Cities would literally be much cooler with more trees
IN THE MIDDLE of winter, on a cold, grey day, it’s easy to find yourself yearning for some summer warmth. It’s also easy to forget the deadly heat.
2022 was Europe’s hottest summer on record, leading to more than 20,000 excess deaths across western Europe, and this summer could be even worse with the return of El Niño.
The effects may be felt most in our cities, which are on average 1.5 degrees Celsius warmer than surrounding areas due to so-called urban heat islands (UHIs). That’s when building materials (concrete, asphalt, metal) and machinery (cars, trucks, air conditioning units) absorb and produce heat, turning city blocks into baking ovens.
The heat is just one way in which cities can be unhealthy places to live; 4.3% of premature deaths in cities during the summer months are attributable to UHIs. Outdoor air pollution kills more than 4 million people a year. Noise causes the loss of more than 1.8 million healthy life years in Europe alone. Depending on where you live, you might be surrounded by shades of gray or trapped in a food desert. For many, when it comes to raising children or settling down, health, space, and financial pressures make moving out of the city a very desirable option.
That’s a shame because cities aren’t just brilliant hubs of human activity; they also offer an incredibly efficient way of living. Studies have shown that people who live in cities have smaller carbon footprints than those in the suburbs and countryside. Urban dwellers walk more, cycle more, and use public transport more than their suburban and rural counterparts. They also live in smaller homes with less stuff. Encouraging denser living could be a key part of the race to net zero carbon emissions. But if we’re going to convince people to live in them, we have to make cities more livable first.
Plenty of solutions exist, but there’s one powerful tool at our disposal that could help cool cities, reduce pollution, and improve our mental and physical health: trees.
A new study published in The Lancet shows just how effective trees would be at lessening the effects of climate change in urban areas. Increasing tree canopy cover to 30% of the city could reduce premature summer deaths in cities by about 40%, it finds, by reducing the temperatures through a combination of shading, evaporating water, and removing sources of heat such as concrete and asphalt.
Satellite data has shown that 30% of tree coverage is a feasible target in the 93 cities covered in the study, but the average in Europe is still only 14.9%.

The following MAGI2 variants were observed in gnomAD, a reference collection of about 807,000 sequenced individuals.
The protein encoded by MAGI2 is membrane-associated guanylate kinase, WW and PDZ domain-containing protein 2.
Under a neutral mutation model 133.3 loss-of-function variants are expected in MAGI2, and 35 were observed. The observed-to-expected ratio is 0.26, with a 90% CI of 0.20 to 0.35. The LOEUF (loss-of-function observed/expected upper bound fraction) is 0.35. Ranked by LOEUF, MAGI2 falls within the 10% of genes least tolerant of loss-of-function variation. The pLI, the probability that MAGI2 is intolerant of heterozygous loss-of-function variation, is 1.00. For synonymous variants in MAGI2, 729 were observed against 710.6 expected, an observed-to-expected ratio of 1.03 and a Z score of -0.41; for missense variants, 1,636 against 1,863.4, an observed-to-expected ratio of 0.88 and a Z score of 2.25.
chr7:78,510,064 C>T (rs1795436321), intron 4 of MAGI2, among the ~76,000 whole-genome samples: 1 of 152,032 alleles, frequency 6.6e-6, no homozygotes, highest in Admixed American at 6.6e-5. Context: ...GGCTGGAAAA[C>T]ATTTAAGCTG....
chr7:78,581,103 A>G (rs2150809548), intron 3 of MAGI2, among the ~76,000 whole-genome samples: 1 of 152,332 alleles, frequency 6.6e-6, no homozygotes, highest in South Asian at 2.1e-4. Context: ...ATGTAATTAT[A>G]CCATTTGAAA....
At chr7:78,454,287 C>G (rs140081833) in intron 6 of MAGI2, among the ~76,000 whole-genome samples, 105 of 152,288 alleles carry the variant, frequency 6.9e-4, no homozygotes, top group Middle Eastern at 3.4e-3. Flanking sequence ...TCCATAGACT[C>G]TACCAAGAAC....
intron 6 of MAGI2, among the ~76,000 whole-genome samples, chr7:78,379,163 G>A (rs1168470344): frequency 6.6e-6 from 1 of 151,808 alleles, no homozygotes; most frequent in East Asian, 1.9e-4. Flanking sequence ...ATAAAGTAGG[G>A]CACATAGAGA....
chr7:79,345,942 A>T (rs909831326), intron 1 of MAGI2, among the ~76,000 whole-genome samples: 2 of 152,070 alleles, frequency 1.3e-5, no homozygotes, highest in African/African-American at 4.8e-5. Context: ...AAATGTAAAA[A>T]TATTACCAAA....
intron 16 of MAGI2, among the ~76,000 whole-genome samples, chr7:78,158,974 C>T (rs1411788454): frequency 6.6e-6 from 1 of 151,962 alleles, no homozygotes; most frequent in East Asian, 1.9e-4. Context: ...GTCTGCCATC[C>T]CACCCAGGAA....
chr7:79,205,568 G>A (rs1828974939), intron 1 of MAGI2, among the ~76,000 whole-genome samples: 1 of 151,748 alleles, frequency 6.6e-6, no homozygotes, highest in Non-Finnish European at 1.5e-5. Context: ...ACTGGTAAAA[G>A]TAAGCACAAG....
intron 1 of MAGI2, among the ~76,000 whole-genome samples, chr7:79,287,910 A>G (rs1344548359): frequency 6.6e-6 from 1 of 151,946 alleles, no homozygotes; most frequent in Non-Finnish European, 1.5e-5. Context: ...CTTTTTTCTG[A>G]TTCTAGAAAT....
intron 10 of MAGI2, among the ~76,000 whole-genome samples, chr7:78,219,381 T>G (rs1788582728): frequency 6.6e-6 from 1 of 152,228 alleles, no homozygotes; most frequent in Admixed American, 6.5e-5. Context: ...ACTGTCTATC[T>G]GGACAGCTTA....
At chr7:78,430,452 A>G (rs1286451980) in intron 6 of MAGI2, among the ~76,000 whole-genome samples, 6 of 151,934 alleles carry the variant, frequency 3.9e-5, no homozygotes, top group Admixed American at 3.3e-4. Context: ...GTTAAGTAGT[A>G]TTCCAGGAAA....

Despite the relative simplicity, there are real barriers holding back urban forestry. Part of it comes down to competing urban interests, says Mark Nieuwenhuijsen, co-author of the study and director of urban planning, environment, and health at the Barcelona Institute for Global Health. Cities have historically given priority to space for vehicles. Wide roads and car parks could be reduced to make way for foliage but, as battles over cycle lanes and low traffic neighborhoods in the UK have shown, that fight is politically charged.
There’s also the expense. After buying and planting, new trees require maintenance. Like people, they can also find the urban environment difficult to survive in. In Lisbon, landscape architect Ana Luísa Soares estimates that each new tree costs the city about €2,000 ($2,180).
There are other ways of cooling the city — via reflective roofs or whiter-than-white paint. But while these interventions should play a role in building climate-resilient cities, they don’t quite deliver the full benefits package that trees do.
In a 2011 study, Soares estimated the cost of maintaining trees at $1.9 million a year. The benefits came in at $8.4 million. Nieuwenhuijsen ran through a list of proven benefits: Not only are streets more aesthetically pleasing when they’re lined with trees, but there are proven benefits for mental health. Urban green spaces are also associated with a lower prevalence of diabetes, heart problems, better birth outcomes, and improved cognitive functioning. Plus, trees are handy carbon stores that can also help prevent flash flooding — another climate risk.
The vital thing will be to ensure there’s an equitable distribution of trees throughout the city. One huge forest park won’t have the same beneficial effects of many tree-lined streets. Richer areas already tend to be greener than poorer ones, so there’s a social justice element too in ensuring everyone has equal access to nature.
Cecil Konijnendijk, professor of urban forestry at the University of British Columbia, has suggested a 3-30-300 rule: Everyone should be able to see three trees from their window, live in a neighborhood with 30% tree cover, and be 300 meters from a green space. But there’s a lot of work to be done. In Barcelona for example, only 5% of people live somewhere that meets that standard.
Making our cities more livable and sustainable will involve a lot of difficult decisions, about more than plant life. But considering trees can take decades to grow, we should get planting now.